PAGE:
The time has come. Mom can no longer manage at home and is too ill for an assisted living alone . Her doctor has been urging you to place your mother in a nursing home. You feel guilty, but you know you have to do this. What resources can help you make your decision about where to put your parent who needs nursing home care?
There is no easy answer for anyone. Fortunately, there are many resources available to give you objective elder care information to guide you. Do your research. There is data available from agencies, such as your area Agency on Aging, and on the internet. Here are some sites which can give you a good idea of how to conduct your search for information about which nursing homes are good and which are not so good.
1. American Association of Retired Persons (AARP) Website: http://www.aarp.org
Click on the section, “Long Term Care”, which is under the homepage of the AARP website, and go to “Guide to Long-Term Care”. There is a brief section entitled “Starting the Nursing Home Search”, which is also helpful.
2. Consumer Reports Website: http://www.consumerreports.org/nursinghomes.
This site provides state-by-state information on quality, well run nursing homes, as well as nursing facilities you may want to avoid. The information is on the website via the Nursing Home Quality Monitor. You may need to enroll online as a subscriber, but it is free.
This site also lists an Eldercare Locator number (1-800-677-1116) that can be used to reach your local Agency on Aging, a helpful source of local information.
3.Long Term Care Living Website: http://LongTermCareLiving.com
The American Health Care Association at www.ahca.org, together with the National Center for Assisted Living at www.ahcancal.org sponsors a free nursing facility finder service at their website, www.LongTermCareLiving.com. The site is comprehensive, in that it focuses on nursing homes and assisted living facilities, and gives useful tips for making the transition.
There are numerous other sites to visit on long term care, and several others will be addressed in the next article on this subject. Once you have conducted the research, and narrowed the field down to one or more you think would work for your aging parent or loved one, you will need to do your field research: visiting in person. If you are not able to do so because you live a distance away, you can get a professional care manager to help you. You are not alone. Many qualified care managers, who are mostly licensed nurses and social workers, are skilled in helping families find the right place for an aging parent. We have put together a quick and easy to read mini book entitled, “How To Choose A Nuring Home, ” click here to find out more.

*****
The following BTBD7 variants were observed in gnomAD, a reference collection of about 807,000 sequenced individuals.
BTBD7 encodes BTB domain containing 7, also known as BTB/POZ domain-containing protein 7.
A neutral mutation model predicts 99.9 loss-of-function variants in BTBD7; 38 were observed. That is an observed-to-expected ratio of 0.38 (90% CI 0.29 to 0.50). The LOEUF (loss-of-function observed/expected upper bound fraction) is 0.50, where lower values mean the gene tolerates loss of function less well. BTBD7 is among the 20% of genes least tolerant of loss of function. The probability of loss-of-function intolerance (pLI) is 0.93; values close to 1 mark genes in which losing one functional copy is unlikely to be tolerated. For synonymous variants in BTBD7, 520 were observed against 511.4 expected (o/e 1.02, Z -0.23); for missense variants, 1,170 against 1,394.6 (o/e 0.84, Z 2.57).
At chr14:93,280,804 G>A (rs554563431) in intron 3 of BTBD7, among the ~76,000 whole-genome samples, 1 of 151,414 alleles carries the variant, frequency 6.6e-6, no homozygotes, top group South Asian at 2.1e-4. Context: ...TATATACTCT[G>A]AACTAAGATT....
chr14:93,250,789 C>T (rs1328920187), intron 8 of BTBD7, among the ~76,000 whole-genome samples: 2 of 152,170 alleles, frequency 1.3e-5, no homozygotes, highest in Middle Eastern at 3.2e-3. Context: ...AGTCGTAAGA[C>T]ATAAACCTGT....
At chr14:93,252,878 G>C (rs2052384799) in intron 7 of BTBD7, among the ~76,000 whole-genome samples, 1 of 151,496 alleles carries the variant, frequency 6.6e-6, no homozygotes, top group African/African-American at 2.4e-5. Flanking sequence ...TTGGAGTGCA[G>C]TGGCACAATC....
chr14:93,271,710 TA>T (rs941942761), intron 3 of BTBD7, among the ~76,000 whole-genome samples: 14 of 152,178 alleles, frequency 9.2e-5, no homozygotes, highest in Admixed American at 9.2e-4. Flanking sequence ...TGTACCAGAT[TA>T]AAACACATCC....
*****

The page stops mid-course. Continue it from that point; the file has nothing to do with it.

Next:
©2008, Carolyn L. Rosenblatt, R. N., Attorney at Law
References on next page
American Association of Retired Persons (AARP), 601 E Street NW, Washington, DC 20049, http://www.aarp.org, accessed January, 2008.
The American Geriatric Society (AGS) Foundation for Health in Aging, The Empire State Building, 350 Fifth Avenue, Suite 801, New York, New York 10118, http://healthinaging.org, accessed January, 2008.
American Health Care Association, 1201 L Street, N.W., Washington, DC 20005, http://www.ahca.org, accessed January, 2008.
Consumer Reports, 101 Truman Avenue, Yonkers, NY 10703-1057, http://www.consumerreports.org/nursinghomes, accessed January, 2008.
Long-Term Care Living, 1201 L Street, NW, Washington, DC 20005, http:// www.LongTermCareLiving.com, accessed January, 2008.
Medicare (Nursing Home Compare) Website: http://www.medicare.gov
National Center for Assisted Living, 1201 L Street, N.W., Washington, DC 20005, http://www.ahcancal.org, accessed January, 2008.
National Citizen’s Coalition for Nursing Home Reform, 1828 L Street, NW, Suite 801, Washington, D.C. 20036, http://www.nccnhr.org, accessed January, 2008.
U.S. Department of Health and Human Services, 200 Independence Avenue, S.W., Washington, D.C. 20201, http://www.hhs.gov, accessed January, 2008.
©2008 Carolyn L. Rosenblatt, R. N., Attorney at Law